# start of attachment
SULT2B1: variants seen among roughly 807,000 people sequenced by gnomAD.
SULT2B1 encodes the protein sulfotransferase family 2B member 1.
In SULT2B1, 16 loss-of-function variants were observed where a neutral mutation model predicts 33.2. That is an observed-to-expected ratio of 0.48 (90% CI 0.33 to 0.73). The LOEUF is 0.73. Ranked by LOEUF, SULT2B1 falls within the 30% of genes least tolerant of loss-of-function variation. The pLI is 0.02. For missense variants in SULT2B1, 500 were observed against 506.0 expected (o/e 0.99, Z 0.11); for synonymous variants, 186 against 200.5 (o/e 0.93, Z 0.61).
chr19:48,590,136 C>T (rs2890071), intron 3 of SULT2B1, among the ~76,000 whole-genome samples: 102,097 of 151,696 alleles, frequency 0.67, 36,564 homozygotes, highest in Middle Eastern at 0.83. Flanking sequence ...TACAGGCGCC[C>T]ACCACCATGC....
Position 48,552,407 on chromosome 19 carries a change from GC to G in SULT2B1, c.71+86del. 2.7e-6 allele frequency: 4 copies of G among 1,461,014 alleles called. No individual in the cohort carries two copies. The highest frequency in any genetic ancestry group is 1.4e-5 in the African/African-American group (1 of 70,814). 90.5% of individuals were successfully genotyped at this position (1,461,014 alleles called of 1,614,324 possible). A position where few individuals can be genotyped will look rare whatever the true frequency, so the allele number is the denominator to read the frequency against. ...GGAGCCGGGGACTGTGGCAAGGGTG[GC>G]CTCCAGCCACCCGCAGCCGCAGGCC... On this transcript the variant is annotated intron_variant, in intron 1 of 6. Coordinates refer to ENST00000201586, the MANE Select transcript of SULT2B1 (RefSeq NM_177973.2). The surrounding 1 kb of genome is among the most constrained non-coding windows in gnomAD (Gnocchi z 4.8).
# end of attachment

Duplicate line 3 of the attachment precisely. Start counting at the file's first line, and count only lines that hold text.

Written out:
In SULT2B1, 16 loss-of-function variants were observed where a neutral mutation model predicts 33.2. That is an observed-to-expected ratio of 0.48 (90% CI 0.33 to 0.73). The LOEUF is 0.73. Ranked by LOEUF, SULT2B1 falls within the 30% of genes least tolerant of loss-of-function variation. The pLI is 0.02. For missense variants in SULT2B1, 500 were observed against 506.0 expected (o/e 0.99, Z 0.11); for synonymous variants, 186 against 200.5 (o/e 0.93, Z 0.61).